words ELOUISE HOBBS
THE STROMNESS DINNER
Peter Benson (Seren)
A lyrical and evocative tale of one man’s unexpected journey – while finding love when it’s least expected – forms the basis of this novel from Guardian Fiction Prize-winning author Peter Benson. Ed spends his days working with his father for his family building services business in south London, when he is offered a refurbishing job in Orkney by Marcus, one of his clients.
Guiding the reader through the simple events of his daily life before the trip, he appears to lead a straightforward and uncomplicated existence. However, his time in Orkney and his relationship with Marcus’ sister Claire awakens new desires and possibilities that he could not have anticipated, despite their differences.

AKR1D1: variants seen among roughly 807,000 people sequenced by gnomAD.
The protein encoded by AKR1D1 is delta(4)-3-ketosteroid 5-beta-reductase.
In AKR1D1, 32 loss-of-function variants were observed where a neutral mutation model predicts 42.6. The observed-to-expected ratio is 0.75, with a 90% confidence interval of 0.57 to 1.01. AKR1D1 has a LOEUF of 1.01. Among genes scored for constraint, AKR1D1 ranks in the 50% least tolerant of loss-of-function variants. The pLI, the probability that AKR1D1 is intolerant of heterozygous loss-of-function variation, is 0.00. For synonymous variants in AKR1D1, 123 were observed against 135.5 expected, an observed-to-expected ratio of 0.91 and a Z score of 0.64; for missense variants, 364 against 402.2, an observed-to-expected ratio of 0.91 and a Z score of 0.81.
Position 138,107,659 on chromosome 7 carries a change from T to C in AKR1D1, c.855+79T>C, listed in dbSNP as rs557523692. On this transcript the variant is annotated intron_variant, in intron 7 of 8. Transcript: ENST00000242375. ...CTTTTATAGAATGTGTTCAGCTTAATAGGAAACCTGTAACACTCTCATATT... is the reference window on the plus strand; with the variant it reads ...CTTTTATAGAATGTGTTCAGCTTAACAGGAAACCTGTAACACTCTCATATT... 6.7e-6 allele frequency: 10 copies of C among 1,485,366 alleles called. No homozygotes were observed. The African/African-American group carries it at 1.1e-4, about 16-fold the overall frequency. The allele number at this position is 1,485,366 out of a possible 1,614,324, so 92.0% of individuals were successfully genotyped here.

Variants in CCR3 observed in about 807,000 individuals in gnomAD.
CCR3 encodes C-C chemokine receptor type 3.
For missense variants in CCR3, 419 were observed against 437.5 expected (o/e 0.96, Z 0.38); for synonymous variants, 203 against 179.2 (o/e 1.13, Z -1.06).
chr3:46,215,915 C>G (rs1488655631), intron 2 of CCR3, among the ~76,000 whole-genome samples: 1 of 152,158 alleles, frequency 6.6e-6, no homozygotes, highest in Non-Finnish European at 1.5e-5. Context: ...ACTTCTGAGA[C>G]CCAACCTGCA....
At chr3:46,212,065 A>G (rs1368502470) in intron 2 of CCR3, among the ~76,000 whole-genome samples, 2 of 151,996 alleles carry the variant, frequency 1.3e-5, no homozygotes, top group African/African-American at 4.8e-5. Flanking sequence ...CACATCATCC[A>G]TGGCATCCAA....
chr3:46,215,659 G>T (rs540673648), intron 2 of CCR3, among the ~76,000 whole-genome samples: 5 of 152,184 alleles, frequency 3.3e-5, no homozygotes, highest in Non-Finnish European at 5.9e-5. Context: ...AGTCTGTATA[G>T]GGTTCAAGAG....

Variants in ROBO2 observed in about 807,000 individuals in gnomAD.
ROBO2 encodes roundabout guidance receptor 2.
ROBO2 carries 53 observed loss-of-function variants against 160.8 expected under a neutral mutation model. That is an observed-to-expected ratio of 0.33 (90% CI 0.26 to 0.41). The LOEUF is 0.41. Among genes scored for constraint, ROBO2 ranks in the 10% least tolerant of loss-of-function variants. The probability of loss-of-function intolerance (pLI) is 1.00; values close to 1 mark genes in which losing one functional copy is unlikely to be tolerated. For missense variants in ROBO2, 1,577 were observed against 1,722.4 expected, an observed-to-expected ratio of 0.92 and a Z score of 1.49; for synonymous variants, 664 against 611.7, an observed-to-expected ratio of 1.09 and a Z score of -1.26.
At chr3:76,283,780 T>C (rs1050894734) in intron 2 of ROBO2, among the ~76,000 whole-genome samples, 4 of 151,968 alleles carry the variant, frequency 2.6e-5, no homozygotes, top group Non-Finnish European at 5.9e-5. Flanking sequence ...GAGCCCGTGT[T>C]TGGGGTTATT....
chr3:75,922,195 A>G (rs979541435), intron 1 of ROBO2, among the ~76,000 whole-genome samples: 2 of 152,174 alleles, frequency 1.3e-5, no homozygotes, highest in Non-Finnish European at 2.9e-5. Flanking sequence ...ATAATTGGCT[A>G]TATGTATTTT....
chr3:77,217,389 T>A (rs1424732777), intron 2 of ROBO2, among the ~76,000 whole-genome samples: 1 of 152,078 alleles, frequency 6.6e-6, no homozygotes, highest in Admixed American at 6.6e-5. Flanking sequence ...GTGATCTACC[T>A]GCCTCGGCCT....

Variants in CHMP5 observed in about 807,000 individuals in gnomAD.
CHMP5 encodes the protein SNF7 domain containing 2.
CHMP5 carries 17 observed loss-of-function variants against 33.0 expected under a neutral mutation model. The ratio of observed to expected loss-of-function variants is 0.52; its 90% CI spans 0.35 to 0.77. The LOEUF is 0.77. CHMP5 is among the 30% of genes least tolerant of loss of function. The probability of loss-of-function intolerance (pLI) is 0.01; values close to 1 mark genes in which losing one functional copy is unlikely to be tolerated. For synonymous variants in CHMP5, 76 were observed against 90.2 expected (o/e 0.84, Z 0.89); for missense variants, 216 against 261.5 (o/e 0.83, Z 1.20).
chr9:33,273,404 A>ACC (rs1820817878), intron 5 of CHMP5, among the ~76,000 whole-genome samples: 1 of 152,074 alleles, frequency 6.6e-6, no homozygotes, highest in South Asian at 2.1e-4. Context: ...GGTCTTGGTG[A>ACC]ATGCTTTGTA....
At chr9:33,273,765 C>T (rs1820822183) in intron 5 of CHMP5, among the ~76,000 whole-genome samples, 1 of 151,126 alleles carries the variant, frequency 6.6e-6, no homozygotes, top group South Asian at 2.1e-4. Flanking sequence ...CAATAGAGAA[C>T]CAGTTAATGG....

Despite the events throughout the novel not appearing to be significantly noteworthy, the simple prose and vivid descriptions as seen through Ed’s eyes convey an interesting assessment of the world. Having not encountered Benson’s previous works, I was enchanted by the story – indeed, I have ordered another of Pete Benson’s books looking to fill the void that finishing The Stromness Dinner left behind. An impactful novel that highlights the basic human characteristics of hope and love, from a very distinctive contemporary fiction voice.
Price: £9.99. Info: here
words RHIANON HOLLEY